IMPACT 0320: INTEGRATING NATURE AND THE ENVIRONMENT INTO ART
I am Zen Teh, an environmental artist and educator who was awarded the 2021 Young Artist Award by the National Arts Council, Singapore. My art practice often reflects a critical view of the conditions in which we live in, questioning and imagining what it has been and what it could be.
My typical day begins with a simple breakfast at a local coffee shop. I travel primarily on a bicycle so that I can slow down and observe anything that catches my attention during the ride. I love to observe minute details of my surroundings, such as the light quality at different times of the day, as well as how people interact with others and the environment. In most cases, these details become points of questions that lead to a new piece of work. For example, Mirror of Water was a response to the water pollution that occurred in the canal in my neighbourhood.
The water pollution was alarming to me, although many passers-by didn’t seem to notice or have much reaction to the situation at that time. I ran home immediately to pick up my camera to document the situation and called the relevant authorities. Later, I sought to understand more about the ecological implications of water pollution from an ecologist friend, which, along with my own response to it, formed the basis of Mirror of Water, one of my largest installations at The Esplanade in 2019.
Collaborating and working across disciplines have become an important aspect of my art practice, as they also spur my curiosity towards learning and living. I find joy when I am able to co-construct new ways of thinking meaningfully with other passionate individuals across diverse backgrounds.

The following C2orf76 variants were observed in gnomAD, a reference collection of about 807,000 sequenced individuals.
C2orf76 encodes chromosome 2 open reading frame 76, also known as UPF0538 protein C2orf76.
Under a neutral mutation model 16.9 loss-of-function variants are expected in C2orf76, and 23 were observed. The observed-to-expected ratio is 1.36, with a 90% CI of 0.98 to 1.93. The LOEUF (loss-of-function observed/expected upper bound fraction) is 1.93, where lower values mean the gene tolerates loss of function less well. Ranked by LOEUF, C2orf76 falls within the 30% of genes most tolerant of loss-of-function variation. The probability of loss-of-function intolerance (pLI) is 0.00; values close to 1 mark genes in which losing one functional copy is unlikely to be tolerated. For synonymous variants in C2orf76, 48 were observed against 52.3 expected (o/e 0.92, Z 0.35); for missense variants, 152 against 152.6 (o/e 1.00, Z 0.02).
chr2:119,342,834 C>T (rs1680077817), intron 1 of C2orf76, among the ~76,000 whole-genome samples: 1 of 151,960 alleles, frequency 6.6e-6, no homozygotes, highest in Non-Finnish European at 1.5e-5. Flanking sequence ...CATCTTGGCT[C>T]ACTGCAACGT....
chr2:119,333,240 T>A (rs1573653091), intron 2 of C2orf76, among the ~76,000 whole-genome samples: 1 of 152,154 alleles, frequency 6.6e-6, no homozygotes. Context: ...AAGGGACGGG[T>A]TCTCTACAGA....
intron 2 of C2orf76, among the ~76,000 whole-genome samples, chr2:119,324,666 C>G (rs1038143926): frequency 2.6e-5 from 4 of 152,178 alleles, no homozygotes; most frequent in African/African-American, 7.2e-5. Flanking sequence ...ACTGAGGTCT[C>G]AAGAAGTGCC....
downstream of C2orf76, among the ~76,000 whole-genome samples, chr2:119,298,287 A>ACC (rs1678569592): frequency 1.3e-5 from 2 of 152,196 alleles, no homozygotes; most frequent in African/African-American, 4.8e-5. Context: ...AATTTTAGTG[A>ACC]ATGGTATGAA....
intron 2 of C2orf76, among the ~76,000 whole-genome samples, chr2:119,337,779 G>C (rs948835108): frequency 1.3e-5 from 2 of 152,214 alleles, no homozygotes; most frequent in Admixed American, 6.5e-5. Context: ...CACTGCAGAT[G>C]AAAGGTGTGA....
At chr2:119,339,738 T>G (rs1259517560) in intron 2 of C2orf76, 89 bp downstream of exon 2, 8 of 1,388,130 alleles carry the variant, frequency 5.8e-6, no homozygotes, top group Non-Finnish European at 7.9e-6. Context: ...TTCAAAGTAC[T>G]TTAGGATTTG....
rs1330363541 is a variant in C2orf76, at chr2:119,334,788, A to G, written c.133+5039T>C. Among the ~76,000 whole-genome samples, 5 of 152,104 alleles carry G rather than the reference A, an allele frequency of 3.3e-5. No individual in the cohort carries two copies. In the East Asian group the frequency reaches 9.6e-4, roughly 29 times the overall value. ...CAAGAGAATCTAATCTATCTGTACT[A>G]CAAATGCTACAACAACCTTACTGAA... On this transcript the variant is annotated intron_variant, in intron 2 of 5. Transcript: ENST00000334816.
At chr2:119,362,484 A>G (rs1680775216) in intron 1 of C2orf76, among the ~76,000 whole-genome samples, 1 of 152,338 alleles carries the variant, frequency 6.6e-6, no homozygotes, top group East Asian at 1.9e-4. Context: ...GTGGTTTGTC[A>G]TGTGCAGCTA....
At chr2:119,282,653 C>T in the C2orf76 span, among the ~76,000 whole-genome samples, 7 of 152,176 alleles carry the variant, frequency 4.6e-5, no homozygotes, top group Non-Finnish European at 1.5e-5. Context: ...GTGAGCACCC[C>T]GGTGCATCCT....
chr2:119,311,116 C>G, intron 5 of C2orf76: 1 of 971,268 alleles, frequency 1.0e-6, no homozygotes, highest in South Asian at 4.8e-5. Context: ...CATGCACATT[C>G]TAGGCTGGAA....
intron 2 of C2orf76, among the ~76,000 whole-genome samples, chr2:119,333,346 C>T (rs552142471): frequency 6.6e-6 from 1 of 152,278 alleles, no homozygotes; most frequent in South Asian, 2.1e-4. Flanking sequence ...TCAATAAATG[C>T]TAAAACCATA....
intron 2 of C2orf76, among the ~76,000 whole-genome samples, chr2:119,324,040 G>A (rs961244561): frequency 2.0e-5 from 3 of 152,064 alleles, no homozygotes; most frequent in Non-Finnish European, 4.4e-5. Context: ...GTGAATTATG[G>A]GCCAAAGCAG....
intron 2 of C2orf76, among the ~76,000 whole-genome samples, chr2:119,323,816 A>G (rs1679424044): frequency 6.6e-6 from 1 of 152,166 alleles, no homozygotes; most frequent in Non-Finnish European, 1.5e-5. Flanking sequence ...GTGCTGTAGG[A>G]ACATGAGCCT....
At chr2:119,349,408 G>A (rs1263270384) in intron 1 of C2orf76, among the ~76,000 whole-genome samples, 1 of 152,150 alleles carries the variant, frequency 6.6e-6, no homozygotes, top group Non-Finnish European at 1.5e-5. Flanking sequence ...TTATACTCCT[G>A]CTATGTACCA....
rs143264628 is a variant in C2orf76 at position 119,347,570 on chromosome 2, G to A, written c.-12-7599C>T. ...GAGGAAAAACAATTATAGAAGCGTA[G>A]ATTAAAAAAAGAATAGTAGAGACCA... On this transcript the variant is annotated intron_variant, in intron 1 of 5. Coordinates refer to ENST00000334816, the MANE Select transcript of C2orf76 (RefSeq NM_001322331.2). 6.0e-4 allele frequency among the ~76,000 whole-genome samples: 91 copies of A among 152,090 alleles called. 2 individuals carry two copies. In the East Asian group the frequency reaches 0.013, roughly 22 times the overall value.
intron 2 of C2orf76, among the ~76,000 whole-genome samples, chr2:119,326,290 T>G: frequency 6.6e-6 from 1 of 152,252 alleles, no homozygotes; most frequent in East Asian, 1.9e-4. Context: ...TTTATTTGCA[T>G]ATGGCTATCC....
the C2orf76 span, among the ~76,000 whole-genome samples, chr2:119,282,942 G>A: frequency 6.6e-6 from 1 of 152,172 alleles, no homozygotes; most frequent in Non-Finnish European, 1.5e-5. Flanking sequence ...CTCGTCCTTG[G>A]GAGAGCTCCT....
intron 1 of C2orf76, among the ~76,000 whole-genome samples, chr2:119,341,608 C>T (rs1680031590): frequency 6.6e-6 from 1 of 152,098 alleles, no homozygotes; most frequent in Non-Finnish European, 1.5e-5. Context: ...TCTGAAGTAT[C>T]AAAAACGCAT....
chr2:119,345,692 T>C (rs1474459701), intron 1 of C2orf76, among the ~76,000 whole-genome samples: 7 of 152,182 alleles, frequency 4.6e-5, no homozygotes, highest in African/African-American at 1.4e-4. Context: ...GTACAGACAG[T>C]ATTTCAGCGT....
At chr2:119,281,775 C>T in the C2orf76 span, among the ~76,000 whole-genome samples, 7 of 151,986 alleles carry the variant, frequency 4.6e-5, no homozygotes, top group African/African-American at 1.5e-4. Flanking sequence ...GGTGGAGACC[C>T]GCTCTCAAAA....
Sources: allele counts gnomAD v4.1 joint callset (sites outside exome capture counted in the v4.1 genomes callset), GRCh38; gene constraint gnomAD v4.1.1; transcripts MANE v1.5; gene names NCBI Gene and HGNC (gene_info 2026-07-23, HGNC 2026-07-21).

Through collaborative interdisciplinary work, I have found this tremendous sense of satisfaction in learning. After Monument series (2019) and A Familiar Forest (2021) for example, took a length of time, continuous effort and open discussions with collaborators on how we could achieve depth in integration – which is something that would have been difficult or almost impossible to achieve if I had continued on my own.
After Monument series (2019) was a body of 14 works accumulated from my artist residency of two months at Selasar Sunaryo Art Space in Bandung, Indonesia. I worked closely with geologist Rinaldi Ikhram to research and investigate the largest construction site in Dago Pakar, Northern Bandung, by Dago Resort Group.
My search uncovered a mesh of wicked problems surrounding the issues of land stewardship, economic growth and the sustainability of the residents’ living environment. A range of approaches across disciplines such as anthropology, history and urban-planning were adopted in the investigation of the issues at hand. The research was constantly examined and reflected through art making, with the use of local and natural resources found on site.
In A Familiar Forest (2021), I recreated the experience of being in a local forest at night. Through engaging multiple senses such assight, sound and scent, I hope to communicate meaning or compel questions beyond a cognitive level – to share my understanding through physiological dimensions.
One of the installation work, After Monument: Aquifer of Time, presented at Selasar Sunaryo Art Space.
In fact, some visitors whom I met at the exhibition vividly shared with me their personal memories with nature and fond memories of communal activities such as hiking with their father or kampung living. Art seems to have the ability to trigger someone’s personal memories associated with nature. Nature as a subject is therefore not only about environmental sustainability, but is a subject that is deeply entrenched in our sense of self, community and culture. Nature can unite us as human beings, intercepting the labels or dividing qualities we may have framed ourselves with.